Brandon Goldberg, solo Jazz piano
Wolfsonian-FIU Museum, Miami Beach
April 24, 2022; 7:30 pm
By, Glenn Dryfoos
1. Love for Sale - Porter
2. I’ve Got a Crush on You - Gershwin
3. Let’s Face the Music and Dance – Berlin
4. What Is This Thing Called Love? - Porter
5. Change Partners - Berlin
6. They Can’t Take That Away from Me - Gershwin
7. Someone to Watch Over Me – Gershwin
8. In Walked Bud/Blue Skies – Monk/Berlin
9. Let’s Do It - Porter
10. Encore 1 - All of You - Porter
11. Encore 2 - I’ve Got Rhythm/Salt Peanuts – Gershwin/Gillespie
Brandon Goldberg is 16 years old. Now that we have that out of the way, we can talk about the merits of this talented jazz pianist without resorting to qualifiers such as “for someone his age” or “for a teenager” …because the music he creates would be remarkable for an experienced musician two or three times his age.
Goldberg performed on Sunday night, April 24, as part of the 2022 edition of the Miami International Piano Festival. For a “veteran” who has already released two albums as a leader, most recently fronting a traditional jazz quintet (sax, trumpet, piano, bass and drums), his MIPF recital at the Wolfsonian-FIU Museum in Miami Beach marked the first time he has performed solo, presenting his take on some of the songs by Cole Porter, George Gershwin and Irving Berlin that make up the heart of the Great American Songbook, that ever-expanding treasure chest of compositions that have been the wellspring of jazz improvisation since the early 1930’s.
Solo jazz piano presents challenges to a player accustomed to group settings – he must become his own rhythm section and provide the steady time-keeping that is usually the job of the bass player and drummer. More practically, there is no chance to lay out or comp chords as the audience’s attention shifts while the tenor player or trumpeter takes a solo. Instead, the solo pianist must set and hold the musical mood over the course of the entire performance, and unlike a classical pianist, while improvising the entire time.
Brandon was more than up to these obstacles. First, he created musical interest by approaching each tune with an arranger’s sensibility: dancing around the theme of Love For Sale with angular, displaced Thelonious Monk-like rhythms; exploring the little-heard verse on I’ve Got a Crush on You; adding a Latin beat to Change Partners; building his performance on What is This Thing Called Love? around a motif used by Nelson Riddle in his arrangement for Frank Sinatra’s classic performance of the song; and starting his exploration of Berlin’s Blue Skies with Monk’s contrafact In Walked Bud. Within these settings, he varied tempos and in a number of tunes modulated mid-improvisation from one key to another. Unlike what one hears at many jazz performances, no song was played merely as a straight 4/4 swinger, with a statement of the tune, a few choruses of improvisation and a restatement of the melody. (Not that there’s anything wrong with that in many jazz settings…but that approach would not sustain a 90-minute solo performance.)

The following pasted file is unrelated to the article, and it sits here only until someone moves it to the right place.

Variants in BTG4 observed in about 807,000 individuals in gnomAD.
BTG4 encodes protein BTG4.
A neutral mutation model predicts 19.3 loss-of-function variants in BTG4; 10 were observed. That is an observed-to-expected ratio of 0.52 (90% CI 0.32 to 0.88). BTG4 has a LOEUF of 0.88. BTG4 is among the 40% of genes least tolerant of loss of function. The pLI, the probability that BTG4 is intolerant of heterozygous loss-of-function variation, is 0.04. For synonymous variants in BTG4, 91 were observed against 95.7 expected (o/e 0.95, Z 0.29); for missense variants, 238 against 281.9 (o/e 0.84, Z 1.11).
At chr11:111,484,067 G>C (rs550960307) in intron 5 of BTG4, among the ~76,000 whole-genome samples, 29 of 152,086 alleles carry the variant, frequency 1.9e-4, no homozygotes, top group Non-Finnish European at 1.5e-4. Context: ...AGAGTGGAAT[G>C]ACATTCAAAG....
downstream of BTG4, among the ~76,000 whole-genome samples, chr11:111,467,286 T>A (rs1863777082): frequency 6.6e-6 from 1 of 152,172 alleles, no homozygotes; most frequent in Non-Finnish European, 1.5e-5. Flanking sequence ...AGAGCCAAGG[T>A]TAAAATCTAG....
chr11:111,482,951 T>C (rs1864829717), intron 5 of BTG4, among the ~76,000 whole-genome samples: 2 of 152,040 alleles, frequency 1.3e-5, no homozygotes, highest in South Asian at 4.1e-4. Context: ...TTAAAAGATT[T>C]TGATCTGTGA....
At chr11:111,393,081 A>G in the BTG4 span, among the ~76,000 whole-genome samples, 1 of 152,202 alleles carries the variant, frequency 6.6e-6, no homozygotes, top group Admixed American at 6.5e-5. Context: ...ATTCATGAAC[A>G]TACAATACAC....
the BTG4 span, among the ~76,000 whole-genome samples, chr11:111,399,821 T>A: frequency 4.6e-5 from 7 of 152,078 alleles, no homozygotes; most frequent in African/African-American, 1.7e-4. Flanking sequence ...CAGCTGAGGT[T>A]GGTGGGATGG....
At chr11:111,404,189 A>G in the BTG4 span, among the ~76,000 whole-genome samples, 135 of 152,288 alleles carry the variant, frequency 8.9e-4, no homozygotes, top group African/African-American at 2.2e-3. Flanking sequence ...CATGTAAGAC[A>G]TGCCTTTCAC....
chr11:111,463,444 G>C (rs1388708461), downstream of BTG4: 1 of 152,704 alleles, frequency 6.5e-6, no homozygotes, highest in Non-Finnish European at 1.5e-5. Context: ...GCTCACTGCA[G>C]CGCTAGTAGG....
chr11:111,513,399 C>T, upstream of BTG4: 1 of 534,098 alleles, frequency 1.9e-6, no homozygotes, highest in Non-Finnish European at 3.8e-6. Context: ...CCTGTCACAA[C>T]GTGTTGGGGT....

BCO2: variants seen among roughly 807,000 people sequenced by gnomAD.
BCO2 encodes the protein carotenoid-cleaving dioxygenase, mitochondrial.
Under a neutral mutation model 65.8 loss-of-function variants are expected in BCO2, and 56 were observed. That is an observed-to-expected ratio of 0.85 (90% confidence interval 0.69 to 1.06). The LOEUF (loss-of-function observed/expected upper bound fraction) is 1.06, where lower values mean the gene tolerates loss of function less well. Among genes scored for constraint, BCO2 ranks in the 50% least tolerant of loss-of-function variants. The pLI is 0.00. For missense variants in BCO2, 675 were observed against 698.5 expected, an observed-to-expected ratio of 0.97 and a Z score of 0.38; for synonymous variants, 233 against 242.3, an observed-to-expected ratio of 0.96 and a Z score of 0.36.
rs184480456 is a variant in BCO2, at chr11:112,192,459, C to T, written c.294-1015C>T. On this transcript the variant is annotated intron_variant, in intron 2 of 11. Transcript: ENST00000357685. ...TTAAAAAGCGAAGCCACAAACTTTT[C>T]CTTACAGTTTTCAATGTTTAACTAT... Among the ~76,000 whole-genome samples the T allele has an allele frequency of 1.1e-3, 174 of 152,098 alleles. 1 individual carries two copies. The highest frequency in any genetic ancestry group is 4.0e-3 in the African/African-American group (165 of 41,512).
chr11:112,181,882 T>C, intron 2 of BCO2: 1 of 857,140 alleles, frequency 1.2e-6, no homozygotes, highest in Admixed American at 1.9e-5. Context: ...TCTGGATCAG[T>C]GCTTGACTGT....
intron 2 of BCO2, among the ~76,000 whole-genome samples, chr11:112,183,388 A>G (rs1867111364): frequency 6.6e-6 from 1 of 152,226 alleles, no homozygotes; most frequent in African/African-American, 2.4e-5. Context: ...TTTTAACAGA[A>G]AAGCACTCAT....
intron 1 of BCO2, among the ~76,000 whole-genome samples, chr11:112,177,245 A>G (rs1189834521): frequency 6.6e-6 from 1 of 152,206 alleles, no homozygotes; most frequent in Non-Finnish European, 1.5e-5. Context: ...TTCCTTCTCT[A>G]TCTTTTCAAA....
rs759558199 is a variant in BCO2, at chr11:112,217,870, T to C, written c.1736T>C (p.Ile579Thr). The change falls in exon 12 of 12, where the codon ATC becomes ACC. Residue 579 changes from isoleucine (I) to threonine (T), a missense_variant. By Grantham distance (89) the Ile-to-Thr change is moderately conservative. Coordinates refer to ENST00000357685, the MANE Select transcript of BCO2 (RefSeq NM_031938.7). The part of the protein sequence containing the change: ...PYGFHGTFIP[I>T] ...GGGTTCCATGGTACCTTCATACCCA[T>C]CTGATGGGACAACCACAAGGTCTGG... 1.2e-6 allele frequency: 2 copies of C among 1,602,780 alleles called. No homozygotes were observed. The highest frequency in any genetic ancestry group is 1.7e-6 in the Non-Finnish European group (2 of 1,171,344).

Goldberg also puts formidable technique to the service of expressing his musical ideas. He is a gifted pianist, who combines a jazz sensibility with significant classical chops. He uses dynamics effectively, and his touch varies in accordance with his intentions, whispering a single note line in the right hand one moment, tossing off a casual blues riff the next, and thundering chords with two hands later in the same piece.
Brandon also has what tenor sax legend Lester Young would have called “big ears,” as he has absorbed the unique language and vocabulary of jazz. First, and most importantly, his music always swings. Next, he uses jazz harmonies…blue notes, chord extensions and substitute chords…to create a broad pallet of musical colors and to deepen the emotional impact of his playing. Although this performance was ostensibly dedicated to the the Great American Songbook, Goldberg also displayed his familiarity with the extended jazz repertoire by throwing into his solo’s snippets of tunes by Monk, Charlie Parker, Dizzy Gillespie and other modernist jazz composers. This type of musical interpolation is common in jazz but can sometimes become a crutch for a musician who runs out of ideas, so marks time by throwing a quote over a few measures of chord changes while waiting for the next idea to develop. But Brandon’s use of quotes was organic and clever. Indeed, he took the sophistication of his quotes to a higher level when he made a quick reference to Gershwin’s concert masterpiece Rhapsody in Blue during his lightning-fast encore of Gershwin’s I Got Rhythm (which, other than the 12 bar blues, provides the most common set of chord changes used by jazz musicians as the basis for their solos).
Brandon’s playing also reflected the stylistic contributions of the Master of Jazz piano…the percussive dissonances of Monk, the boppish quicksilver right hand lines of Barry Harris, the stride left hand of Oscar Peterson, and even the bluesy asides and plink-plonk-plink of Count Basie. But it is important to note, his insertion of musical quotes and his use of stylistic techniques associated with others never devolved into cliché or imitation. Although it is still developing, Goldberg’s jazz voice is thoroughly his own.
To close, I will contradict my opening paragraph and say that Brandon’s age actually is relevant for one reason: if he’s blessed to have a career that lasts as long as those of great jazz pianists such as Kenny Barron, Barry Harris and Hank Jones, we can look forward to six or seven more decades of great music from him.
— Glenn Dreyfoos